Stories allow your listeners to feel they joy without experiencing the risk. Your audience can walk through your hardships and feel the elation as you survive without actually living the pain. Delightful stories entertain listeners, because they can experience so much in a short period of time through you.

Take a Car Ride

Your podcast is 30 minutes long (or maybe even longer). That’s quite a bit of time to spend with someone. Will your listener want to spend 30 minutes in a car with you each week? When you record a podcast, you are asking them to do just that.

Your listener will spend meaningful, personal time with you each week. You better do all you can to create a strong relationship with your audience. Get listeners to like you.

When you reveal things about yourself through your stories, people will decide if they like you or not. Be real. Don’t force your story or change the details simply to make people like you. Tell the truth. If you bend the truth this time, you may forget next time. The truth will always come out. When it does, your relationship will be tarnished for good.

Reveal the truth. People will see you as a real human being. They will get to like you for who you are, flaws and all. The friendship will develop. Next thing you know, you’ll be taking a 30-minute car ride with them every week. Stories can make that happen.

Stories are powerful tools. They help your audience escape their problems. Anecdotes help your listener get to know you. That’s where relationships begin. Your tales will show you are human. You are a real person with real flaws, just like your listener. Stories will make your information memorable, by drawing pictures in the mind of your listener. Your audience can live vicariously through you when you tell them about your experiences. When you create that friendship, your listener will be willing to take that 30-minute car ride with you every week.

Begin creating great stories today, and make your podcast powerful.

Is an Army Blog Any Different? (Sponsored Post)

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Disclosure: The Army sponsored the Military Track at NMX 2013, and this post is part of their sponsorship package. We think what Captain He has to say about blogging while in the military is not only interesting, but can help give you a new perspective on your own blog, whether you’re in the military or not. -Editor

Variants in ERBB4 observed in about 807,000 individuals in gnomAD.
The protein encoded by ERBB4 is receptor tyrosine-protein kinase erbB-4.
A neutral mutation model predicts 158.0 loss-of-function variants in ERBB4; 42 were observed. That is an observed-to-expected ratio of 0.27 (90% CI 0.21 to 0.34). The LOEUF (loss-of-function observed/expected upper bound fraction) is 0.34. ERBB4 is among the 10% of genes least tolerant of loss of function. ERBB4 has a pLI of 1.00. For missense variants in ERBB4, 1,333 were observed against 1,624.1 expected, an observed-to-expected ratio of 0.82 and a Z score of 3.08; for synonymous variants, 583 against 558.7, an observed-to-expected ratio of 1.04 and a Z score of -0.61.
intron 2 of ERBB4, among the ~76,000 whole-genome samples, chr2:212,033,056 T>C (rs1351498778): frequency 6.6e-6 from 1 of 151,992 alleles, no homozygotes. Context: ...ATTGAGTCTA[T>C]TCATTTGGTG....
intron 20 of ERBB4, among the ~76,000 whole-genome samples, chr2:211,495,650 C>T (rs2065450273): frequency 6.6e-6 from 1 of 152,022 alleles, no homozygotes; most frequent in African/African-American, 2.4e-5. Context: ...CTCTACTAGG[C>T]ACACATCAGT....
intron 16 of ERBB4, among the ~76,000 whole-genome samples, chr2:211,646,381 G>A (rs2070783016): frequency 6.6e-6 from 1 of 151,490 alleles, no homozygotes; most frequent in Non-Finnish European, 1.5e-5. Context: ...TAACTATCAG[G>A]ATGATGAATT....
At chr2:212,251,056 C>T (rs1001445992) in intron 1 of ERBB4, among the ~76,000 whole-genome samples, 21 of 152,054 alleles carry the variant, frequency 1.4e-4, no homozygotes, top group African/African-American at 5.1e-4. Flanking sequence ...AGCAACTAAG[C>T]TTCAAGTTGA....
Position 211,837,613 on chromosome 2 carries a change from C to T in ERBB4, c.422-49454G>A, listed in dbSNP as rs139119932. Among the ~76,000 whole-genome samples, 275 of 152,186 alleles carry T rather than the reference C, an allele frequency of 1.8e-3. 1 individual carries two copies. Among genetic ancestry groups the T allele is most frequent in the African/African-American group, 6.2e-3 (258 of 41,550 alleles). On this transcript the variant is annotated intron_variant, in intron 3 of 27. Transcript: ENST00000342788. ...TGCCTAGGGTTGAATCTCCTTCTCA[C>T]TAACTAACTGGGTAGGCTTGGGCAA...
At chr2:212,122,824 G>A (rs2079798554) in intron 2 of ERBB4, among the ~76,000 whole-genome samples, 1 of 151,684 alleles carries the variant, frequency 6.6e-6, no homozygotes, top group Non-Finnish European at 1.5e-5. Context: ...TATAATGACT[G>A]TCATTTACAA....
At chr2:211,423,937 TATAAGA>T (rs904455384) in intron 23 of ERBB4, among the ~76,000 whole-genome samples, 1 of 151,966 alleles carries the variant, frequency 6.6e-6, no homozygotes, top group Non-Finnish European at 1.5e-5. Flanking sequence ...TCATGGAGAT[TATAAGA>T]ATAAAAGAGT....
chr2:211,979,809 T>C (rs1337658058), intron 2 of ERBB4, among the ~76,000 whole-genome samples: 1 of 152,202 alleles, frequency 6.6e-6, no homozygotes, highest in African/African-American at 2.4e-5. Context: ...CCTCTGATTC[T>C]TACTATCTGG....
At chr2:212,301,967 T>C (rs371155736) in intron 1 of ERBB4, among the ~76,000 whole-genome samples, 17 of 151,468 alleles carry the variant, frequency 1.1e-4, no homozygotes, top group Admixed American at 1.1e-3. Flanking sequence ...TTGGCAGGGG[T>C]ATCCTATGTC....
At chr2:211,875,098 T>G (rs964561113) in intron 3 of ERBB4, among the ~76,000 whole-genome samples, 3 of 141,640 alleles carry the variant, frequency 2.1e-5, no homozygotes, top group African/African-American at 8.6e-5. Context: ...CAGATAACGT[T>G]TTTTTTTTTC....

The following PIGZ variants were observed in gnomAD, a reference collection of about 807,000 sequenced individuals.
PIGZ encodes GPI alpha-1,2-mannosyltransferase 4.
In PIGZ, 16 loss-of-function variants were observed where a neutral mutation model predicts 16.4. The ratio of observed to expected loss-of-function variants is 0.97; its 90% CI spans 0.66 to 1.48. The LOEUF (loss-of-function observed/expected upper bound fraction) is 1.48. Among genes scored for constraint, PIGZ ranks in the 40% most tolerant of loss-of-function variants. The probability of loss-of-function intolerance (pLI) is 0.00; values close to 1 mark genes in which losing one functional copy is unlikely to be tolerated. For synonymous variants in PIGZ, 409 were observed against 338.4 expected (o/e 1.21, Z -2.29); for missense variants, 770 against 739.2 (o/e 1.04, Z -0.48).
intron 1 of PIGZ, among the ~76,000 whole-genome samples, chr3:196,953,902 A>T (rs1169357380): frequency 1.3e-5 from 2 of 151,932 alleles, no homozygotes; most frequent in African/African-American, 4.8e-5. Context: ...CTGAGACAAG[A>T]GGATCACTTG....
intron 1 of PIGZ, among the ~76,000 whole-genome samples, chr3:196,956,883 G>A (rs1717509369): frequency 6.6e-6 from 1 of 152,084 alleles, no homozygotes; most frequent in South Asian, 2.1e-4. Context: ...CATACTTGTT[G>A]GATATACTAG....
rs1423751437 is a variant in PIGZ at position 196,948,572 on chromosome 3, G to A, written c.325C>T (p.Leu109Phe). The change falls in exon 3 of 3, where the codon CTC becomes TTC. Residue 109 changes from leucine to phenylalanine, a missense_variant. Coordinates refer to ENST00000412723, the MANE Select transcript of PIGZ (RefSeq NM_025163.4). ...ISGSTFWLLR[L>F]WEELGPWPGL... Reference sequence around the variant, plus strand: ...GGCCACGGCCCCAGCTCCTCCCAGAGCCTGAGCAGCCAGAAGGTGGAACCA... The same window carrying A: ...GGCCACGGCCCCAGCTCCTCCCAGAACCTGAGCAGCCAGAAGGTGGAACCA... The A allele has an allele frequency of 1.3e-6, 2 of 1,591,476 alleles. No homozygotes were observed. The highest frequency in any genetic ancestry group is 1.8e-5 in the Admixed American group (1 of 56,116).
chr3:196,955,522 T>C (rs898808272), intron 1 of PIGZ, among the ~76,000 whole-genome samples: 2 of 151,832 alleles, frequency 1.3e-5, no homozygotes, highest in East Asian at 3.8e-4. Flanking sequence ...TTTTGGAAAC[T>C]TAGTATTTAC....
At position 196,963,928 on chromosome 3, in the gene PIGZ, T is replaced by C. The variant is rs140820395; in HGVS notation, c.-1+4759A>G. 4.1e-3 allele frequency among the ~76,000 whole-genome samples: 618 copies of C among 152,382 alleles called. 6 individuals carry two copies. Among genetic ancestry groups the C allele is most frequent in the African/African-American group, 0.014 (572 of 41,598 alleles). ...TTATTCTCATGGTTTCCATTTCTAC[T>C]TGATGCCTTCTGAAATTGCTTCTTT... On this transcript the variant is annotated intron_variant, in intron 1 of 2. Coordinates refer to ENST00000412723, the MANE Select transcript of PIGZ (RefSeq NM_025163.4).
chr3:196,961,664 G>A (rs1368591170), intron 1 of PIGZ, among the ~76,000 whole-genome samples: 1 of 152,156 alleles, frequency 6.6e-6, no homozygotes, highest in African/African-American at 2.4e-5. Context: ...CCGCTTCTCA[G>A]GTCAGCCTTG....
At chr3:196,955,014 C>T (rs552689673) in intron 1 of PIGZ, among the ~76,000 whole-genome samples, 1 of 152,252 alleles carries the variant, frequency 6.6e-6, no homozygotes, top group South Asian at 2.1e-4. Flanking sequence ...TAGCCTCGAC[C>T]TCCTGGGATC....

Captain He at NMX

I am in the Army, and I write a blog. To many people I have talked to, this means I write a blog about the Army. Following this logic, this means that I write a blog featuring pictures of soldiers in sandstorms in remote areas of Afghanistan with accompanying stories of intense missions to villages and the good work we are doing there, in contrast to the big media stories of the quicksand situation in the Middle East. When I say no, I’m not in the Infantry, they then think maybe I write one of those military wife blogs, full of tips of what to put in a care package to send to your husband overseas and what to wear to his coming home ceremony. Still not true; I may be an Army wife, but in a dual-military relationship that leaves both of us with our fair share of homecomings and goodbyes.

I don’t try to write an Army blog. I write a blog that just happens to occur in the context of me being in the Army. I do not write about Middle Eastern policy, because I am not a Middle Eastern policy wonk. I do write about the Army’s Cultural Support Teams and what a great idea they are, because I am a female and I am in the Army. I don’t write about secret missions in Afghanistan, because 1) that’s probably violating security, and 2) as a signal officer, I plan networks and make sure those Infantry guys have internet.

Old vs. New